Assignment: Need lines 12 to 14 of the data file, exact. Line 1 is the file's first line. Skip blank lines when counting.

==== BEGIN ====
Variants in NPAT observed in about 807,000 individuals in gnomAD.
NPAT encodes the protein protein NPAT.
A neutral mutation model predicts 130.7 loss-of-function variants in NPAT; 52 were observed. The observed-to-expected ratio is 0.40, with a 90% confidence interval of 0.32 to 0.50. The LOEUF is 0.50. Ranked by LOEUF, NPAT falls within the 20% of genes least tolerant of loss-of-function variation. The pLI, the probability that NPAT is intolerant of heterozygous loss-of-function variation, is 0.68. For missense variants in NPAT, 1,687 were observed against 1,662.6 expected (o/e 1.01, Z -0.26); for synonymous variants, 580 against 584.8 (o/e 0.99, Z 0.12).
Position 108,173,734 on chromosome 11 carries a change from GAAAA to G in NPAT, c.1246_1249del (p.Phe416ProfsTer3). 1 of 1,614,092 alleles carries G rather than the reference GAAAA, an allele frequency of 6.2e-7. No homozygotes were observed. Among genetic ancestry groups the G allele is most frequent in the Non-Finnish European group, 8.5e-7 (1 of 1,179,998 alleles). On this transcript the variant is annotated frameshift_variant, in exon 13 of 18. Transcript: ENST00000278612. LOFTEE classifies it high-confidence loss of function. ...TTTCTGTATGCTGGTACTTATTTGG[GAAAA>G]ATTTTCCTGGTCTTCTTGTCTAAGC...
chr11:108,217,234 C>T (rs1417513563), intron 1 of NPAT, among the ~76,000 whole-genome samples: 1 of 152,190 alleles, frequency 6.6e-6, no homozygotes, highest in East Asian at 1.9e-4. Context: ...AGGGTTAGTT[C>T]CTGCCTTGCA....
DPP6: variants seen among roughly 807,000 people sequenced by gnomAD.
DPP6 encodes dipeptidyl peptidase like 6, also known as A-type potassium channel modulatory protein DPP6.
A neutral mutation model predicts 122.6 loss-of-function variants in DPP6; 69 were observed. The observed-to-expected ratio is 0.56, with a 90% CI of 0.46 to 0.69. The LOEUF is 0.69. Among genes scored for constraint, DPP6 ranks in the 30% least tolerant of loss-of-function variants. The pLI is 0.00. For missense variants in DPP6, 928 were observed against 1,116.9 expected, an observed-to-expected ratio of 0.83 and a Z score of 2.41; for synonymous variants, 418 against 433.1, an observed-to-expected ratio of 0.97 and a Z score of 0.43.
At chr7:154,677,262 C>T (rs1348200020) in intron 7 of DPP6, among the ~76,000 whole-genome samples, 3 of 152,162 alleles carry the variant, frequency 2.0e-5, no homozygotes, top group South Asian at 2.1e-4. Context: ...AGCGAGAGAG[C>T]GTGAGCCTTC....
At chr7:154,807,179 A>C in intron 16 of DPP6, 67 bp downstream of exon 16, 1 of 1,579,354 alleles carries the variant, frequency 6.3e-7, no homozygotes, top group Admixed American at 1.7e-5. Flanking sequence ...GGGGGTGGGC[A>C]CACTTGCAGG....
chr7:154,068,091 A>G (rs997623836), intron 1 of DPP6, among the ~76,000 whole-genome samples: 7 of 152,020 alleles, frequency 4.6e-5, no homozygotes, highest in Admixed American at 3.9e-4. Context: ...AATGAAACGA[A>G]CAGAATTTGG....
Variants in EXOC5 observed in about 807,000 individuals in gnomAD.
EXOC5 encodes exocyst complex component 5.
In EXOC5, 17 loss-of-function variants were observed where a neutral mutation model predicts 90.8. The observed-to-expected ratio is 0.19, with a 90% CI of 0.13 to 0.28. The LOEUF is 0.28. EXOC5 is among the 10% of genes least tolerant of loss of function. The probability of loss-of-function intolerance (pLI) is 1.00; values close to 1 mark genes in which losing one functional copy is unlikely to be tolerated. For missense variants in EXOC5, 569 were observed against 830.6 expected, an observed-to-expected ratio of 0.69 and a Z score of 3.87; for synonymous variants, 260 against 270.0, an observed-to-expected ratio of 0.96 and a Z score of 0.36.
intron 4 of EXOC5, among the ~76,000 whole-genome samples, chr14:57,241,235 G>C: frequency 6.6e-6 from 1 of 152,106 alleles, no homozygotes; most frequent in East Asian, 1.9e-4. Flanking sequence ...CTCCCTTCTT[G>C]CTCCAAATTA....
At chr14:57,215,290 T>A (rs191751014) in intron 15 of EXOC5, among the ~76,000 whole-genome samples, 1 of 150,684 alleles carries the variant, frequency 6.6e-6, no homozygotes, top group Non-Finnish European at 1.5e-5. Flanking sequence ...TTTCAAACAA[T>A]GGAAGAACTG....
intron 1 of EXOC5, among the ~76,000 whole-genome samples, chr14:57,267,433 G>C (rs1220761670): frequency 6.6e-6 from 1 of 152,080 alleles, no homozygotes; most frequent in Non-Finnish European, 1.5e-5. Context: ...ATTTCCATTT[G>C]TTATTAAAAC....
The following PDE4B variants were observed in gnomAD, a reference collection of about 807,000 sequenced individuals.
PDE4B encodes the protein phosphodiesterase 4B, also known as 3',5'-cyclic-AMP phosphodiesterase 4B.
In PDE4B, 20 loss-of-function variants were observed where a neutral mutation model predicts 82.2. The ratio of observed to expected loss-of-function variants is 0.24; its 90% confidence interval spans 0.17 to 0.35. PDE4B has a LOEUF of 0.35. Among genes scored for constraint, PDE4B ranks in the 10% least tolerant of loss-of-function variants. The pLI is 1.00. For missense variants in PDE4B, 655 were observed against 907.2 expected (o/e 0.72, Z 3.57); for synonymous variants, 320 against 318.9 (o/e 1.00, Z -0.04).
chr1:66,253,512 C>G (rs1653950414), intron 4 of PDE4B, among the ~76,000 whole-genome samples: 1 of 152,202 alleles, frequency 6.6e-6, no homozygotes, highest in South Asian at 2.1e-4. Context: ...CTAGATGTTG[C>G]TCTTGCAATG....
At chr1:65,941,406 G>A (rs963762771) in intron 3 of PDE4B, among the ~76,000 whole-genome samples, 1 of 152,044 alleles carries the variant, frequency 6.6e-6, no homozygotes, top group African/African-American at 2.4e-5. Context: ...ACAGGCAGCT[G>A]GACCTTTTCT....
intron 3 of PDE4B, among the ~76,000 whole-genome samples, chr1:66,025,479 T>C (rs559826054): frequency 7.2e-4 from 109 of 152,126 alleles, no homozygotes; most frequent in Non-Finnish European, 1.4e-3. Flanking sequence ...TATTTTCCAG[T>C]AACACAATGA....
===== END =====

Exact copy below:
Variants in EXOC5 observed in about 807,000 individuals in gnomAD.
EXOC5 encodes exocyst complex component 5.
In EXOC5, 17 loss-of-function variants were observed where a neutral mutation model predicts 90.8. The observed-to-expected ratio is 0.19, with a 90% CI of 0.13 to 0.28. The LOEUF is 0.28. EXOC5 is among the 10% of genes least tolerant of loss of function. The probability of loss-of-function intolerance (pLI) is 1.00; values close to 1 mark genes in which losing one functional copy is unlikely to be tolerated. For missense variants in EXOC5, 569 were observed against 830.6 expected, an observed-to-expected ratio of 0.69 and a Z score of 3.87; for synonymous variants, 260 against 270.0, an observed-to-expected ratio of 0.96 and a Z score of 0.36.